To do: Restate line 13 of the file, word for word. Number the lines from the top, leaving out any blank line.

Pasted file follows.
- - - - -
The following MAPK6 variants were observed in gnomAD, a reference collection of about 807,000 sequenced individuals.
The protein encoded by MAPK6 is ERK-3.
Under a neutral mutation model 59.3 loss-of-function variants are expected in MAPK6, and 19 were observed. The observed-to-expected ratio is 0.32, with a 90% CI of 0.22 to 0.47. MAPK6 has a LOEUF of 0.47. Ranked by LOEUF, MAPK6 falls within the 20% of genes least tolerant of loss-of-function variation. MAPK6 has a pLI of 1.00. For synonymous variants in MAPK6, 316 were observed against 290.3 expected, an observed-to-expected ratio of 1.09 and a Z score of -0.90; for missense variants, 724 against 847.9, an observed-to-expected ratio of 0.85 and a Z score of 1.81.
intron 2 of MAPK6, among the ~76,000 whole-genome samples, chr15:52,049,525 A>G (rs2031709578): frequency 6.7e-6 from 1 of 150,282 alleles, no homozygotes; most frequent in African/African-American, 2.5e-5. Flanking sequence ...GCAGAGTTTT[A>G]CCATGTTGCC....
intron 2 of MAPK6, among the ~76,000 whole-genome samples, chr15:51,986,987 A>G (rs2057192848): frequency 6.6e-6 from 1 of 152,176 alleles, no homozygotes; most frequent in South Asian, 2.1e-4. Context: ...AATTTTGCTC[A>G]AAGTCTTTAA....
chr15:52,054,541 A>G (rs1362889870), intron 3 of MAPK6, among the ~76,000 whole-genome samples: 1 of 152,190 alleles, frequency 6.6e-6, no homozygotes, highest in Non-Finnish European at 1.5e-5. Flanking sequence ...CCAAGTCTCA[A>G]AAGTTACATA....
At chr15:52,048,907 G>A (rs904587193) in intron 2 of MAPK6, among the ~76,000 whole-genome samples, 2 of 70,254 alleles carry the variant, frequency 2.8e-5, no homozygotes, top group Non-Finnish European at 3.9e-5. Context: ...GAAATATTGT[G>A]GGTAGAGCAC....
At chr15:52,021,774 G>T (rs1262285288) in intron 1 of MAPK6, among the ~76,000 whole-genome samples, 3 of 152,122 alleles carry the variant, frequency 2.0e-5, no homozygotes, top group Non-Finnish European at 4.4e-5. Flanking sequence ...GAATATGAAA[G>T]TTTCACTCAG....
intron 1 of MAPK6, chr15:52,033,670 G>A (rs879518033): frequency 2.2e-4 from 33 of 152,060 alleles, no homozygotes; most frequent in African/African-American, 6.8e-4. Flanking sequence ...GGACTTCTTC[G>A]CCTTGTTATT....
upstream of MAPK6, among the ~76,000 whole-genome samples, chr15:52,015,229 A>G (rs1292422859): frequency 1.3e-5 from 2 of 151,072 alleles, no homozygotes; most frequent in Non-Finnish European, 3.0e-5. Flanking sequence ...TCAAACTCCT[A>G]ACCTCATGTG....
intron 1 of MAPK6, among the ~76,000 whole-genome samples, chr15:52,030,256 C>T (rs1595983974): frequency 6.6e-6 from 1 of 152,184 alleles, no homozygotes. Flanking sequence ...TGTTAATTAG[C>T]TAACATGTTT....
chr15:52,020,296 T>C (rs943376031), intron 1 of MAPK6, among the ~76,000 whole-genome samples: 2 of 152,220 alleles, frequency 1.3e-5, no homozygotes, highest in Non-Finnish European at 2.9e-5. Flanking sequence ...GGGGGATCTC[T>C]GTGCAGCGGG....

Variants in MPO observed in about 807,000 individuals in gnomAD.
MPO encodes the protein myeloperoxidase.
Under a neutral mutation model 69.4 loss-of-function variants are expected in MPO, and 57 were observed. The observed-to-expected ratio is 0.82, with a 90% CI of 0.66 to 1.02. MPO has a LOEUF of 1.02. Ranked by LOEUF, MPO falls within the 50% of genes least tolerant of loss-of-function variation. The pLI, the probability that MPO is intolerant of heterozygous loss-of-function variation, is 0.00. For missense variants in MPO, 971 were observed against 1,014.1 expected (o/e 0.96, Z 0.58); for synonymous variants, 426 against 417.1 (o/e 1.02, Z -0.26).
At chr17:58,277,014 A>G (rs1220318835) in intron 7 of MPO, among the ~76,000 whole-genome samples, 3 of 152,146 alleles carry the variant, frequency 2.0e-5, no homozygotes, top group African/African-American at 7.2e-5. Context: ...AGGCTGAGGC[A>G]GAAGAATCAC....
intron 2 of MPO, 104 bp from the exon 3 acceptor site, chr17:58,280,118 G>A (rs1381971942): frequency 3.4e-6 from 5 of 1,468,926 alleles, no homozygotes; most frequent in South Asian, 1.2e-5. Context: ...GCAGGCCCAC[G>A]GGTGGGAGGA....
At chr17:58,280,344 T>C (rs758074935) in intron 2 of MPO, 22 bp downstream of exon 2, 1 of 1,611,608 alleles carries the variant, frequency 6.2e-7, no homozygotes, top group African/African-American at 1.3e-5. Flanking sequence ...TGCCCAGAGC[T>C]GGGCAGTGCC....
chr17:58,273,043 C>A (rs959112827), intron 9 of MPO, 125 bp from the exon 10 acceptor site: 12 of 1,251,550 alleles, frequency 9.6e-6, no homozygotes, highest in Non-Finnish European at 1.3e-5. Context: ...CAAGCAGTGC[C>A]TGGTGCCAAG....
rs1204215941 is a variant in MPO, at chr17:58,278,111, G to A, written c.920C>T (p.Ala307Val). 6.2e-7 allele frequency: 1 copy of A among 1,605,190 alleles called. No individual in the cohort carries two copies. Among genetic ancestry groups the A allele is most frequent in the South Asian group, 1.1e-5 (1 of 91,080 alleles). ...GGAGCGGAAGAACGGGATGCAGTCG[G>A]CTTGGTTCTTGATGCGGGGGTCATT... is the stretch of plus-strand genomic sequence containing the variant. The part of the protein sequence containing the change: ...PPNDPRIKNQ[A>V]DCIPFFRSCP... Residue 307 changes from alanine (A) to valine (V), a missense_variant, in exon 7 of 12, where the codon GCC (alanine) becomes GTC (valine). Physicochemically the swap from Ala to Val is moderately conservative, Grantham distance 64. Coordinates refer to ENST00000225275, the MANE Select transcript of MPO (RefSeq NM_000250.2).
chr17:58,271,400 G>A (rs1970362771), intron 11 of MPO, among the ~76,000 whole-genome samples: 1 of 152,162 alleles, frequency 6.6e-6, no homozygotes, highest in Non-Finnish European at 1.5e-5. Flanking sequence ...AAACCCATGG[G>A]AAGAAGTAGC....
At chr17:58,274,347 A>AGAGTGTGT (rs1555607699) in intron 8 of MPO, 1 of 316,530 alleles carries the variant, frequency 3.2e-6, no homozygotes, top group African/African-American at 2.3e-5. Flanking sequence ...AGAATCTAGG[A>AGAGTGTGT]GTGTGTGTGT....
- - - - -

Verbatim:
Variants in MPO observed in about 807,000 individuals in gnomAD.